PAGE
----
Monday, May 31, 2010

Coalition would do well with right leadership - poll

The latest Angus Reid poll suggests that an NDP-Liberal coalition could gain substantial support from the public, depending on who led it:

In one respect, the results of an Angus Reid poll to be released on Monday are not surprising — the Conservatives are at 35 per cent, the Liberals at 27 and the NDP are at 19 per cent; in Quebec, the Bloc leads with 37 per cent.

However, the poll also asked Canadians how they would vote if the Liberals and NDP went to the polls offering Canadians a coalition government, and here things get interesting.

According to the results published in Monday’s edition of La Presse, the Conservatives led by Stephen Harper would defeat a coalition led by Michael Ignatieff 40-34 per cent.

With Bob Rae as Liberal leader, the coalition and Conservatives would be tied.

However, if the coalition were to propose Jack Layton as prime minister, according to the Reid poll, it could defeat the Conservatives by 43-37 per cent.

From the Globe. I don't expect this to happen, but it's an interesting result. If nothing else, it sends a message to the Liberals about their leadership...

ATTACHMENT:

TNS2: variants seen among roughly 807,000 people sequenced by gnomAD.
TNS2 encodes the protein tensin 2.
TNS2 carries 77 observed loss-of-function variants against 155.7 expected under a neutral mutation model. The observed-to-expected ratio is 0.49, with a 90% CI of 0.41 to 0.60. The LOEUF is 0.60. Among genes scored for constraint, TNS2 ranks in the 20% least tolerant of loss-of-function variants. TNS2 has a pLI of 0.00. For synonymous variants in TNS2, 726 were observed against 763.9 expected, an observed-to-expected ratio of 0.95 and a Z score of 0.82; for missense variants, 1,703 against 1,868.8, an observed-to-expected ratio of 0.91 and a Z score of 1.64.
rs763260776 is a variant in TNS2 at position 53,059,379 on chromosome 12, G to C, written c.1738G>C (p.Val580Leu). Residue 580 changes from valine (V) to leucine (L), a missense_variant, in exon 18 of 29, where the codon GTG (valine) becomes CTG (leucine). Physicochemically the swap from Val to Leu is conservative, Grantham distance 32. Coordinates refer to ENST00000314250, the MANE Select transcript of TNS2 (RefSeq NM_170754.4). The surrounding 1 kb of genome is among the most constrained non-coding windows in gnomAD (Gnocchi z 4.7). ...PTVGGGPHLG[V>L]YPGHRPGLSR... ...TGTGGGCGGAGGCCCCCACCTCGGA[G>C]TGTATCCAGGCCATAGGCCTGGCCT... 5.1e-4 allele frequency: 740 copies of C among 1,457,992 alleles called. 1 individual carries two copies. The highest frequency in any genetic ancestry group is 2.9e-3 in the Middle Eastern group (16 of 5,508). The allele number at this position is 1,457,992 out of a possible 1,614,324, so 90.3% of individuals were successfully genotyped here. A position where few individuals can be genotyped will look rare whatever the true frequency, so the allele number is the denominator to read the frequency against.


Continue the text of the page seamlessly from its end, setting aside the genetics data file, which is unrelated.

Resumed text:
Sunday, May 30, 2010

"Top kill" fails to stop gusher

The situation isn't getting any better:

With BP declaring failure in its latest attempt to stop the uncontrolled gusher feeding the worst oil spill in U.S. history, the company is turning to yet another mix of risky undersea robot maneuvers and longshot odds to plug the blown-out well.

Six weeks after the catastrophe began, oil giant BP PLC is still casting about for at least a temporary fix to the spewing well underneath the Gulf of Mexico that's fouling beaches, wildlife and marshland.

A relief well that's currently being drilled — which is supposed to be a better long-term solution — won't be done for at least two months. That would be in the middle of the Atlantic hurricane season, which begins Tuesday.

President Barack Obama said it is “as enraging as it is heartbreaking” that the most ambitious bid yet for a temporary solution failed.

BP said Saturday that the procedure known as the “top kill” failed after engineers tried for three days to overwhelm the crippled well with heavy drilling mud and junk 5,000 feet underwater.

From the Globe. Of course, it will stop eventually, but what will be left of the Gulf's rich biota by that time?

House seized over $363 water bill

In the US it's common for municipalities to sell the rights to collect on utility bills, much as they do with property taxes. Sometimes the results are horrible:

Via LargoWinch in this iTulip thread. Possibly the most perverse aspect of this is that the house this unfortunate woman was evicted from was still vacant months after the fact. Lovely, eh?